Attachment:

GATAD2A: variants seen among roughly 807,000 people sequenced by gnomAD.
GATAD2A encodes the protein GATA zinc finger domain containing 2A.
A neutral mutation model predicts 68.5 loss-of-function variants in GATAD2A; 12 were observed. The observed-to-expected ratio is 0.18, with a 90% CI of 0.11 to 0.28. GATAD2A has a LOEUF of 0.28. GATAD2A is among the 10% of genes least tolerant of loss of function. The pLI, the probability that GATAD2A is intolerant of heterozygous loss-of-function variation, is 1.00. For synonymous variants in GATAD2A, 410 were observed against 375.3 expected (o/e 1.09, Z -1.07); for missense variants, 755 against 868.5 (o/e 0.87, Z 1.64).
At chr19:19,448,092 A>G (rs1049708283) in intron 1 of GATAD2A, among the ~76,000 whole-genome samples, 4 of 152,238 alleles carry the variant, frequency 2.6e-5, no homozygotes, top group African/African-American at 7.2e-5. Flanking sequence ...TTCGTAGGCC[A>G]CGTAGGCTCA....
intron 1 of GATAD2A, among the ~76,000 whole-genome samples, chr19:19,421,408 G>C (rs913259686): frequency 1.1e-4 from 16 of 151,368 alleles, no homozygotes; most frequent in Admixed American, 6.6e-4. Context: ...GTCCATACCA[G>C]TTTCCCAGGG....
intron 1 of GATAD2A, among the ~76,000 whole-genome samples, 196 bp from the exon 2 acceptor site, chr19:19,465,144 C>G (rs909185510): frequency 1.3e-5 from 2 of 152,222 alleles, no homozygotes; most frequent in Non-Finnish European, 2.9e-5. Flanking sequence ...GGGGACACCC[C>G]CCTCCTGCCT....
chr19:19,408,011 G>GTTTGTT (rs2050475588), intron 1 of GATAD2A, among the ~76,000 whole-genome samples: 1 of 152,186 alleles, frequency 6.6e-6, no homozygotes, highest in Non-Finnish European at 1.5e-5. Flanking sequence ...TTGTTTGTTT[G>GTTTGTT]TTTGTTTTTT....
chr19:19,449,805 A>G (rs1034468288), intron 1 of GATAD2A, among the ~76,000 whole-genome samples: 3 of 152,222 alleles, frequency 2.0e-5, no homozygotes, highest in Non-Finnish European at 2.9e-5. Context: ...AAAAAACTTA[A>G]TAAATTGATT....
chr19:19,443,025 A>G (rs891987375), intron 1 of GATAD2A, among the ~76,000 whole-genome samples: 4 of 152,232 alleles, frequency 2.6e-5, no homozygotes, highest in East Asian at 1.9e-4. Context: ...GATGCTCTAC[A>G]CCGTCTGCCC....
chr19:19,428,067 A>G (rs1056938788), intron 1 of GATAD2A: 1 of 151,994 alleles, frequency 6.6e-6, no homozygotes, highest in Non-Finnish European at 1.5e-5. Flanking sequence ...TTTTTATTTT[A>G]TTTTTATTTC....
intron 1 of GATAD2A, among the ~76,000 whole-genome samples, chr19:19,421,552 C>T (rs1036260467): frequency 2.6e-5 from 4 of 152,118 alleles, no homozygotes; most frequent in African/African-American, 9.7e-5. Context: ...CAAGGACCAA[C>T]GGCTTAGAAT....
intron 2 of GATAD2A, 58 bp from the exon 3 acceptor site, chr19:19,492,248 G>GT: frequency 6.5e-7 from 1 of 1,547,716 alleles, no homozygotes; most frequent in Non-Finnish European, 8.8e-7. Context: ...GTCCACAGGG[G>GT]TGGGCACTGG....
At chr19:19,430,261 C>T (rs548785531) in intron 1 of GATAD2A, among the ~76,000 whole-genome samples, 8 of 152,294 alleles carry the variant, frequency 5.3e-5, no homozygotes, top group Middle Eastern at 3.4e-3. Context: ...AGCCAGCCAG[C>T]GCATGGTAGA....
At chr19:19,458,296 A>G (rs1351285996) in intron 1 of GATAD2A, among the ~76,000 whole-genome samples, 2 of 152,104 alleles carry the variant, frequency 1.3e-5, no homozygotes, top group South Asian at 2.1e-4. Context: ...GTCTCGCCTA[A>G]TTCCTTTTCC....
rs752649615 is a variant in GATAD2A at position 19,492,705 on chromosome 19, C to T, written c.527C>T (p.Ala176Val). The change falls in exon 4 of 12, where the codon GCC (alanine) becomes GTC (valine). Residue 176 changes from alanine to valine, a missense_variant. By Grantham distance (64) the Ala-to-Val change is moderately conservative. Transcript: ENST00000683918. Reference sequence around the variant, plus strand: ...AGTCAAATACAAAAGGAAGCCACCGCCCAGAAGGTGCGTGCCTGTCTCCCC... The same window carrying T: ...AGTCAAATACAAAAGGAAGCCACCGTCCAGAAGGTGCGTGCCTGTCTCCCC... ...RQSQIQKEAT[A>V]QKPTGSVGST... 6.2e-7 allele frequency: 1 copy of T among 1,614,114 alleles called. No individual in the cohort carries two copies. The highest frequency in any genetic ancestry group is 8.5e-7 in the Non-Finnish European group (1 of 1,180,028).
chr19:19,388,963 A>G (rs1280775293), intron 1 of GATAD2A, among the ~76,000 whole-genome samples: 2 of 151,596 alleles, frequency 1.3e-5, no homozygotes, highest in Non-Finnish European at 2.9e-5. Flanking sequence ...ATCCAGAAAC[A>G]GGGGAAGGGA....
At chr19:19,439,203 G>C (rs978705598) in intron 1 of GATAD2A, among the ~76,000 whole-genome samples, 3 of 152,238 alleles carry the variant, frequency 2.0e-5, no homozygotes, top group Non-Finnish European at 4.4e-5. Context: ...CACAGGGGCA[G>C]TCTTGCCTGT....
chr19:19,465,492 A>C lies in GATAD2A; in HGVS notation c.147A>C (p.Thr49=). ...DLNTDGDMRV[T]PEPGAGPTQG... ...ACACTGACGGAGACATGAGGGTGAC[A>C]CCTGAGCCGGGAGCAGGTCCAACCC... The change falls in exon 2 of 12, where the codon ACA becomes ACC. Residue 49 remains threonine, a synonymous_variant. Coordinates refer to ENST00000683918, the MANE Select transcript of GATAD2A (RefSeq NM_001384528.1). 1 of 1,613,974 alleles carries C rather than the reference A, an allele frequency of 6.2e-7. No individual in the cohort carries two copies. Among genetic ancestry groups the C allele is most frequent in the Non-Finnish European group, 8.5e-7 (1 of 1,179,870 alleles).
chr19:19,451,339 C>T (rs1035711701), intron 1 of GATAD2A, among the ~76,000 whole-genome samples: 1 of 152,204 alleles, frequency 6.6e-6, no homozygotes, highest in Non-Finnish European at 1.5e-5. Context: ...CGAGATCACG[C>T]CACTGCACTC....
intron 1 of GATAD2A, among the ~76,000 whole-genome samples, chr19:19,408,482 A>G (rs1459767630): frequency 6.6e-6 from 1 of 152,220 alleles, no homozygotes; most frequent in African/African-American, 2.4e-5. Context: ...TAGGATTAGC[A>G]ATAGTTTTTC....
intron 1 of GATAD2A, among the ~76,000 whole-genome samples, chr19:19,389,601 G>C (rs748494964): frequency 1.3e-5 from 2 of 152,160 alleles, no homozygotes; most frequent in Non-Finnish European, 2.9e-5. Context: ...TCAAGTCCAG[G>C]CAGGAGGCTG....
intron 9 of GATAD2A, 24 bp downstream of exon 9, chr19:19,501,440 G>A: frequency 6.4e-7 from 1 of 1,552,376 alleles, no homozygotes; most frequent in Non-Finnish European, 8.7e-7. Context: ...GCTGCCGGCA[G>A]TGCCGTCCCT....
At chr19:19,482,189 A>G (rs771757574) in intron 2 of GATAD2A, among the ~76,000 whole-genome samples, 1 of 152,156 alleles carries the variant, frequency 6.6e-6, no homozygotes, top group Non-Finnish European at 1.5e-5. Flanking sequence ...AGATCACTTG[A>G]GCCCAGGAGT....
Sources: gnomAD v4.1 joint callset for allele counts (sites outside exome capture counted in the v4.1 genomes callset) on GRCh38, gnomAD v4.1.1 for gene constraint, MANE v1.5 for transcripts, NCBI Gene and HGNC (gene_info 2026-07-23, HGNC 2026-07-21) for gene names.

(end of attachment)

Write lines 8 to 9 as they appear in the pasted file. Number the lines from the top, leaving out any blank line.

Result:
chr19:19,449,805 A>G (rs1034468288), intron 1 of GATAD2A, among the ~76,000 whole-genome samples: 3 of 152,222 alleles, frequency 2.0e-5, no homozygotes, highest in Non-Finnish European at 2.9e-5. Context: ...AAAAAACTTA[A>G]TAAATTGATT....
chr19:19,443,025 A>G (rs891987375), intron 1 of GATAD2A, among the ~76,000 whole-genome samples: 4 of 152,232 alleles, frequency 2.6e-5, no homozygotes, highest in East Asian at 1.9e-4. Context: ...GATGCTCTAC[A>G]CCGTCTGCCC....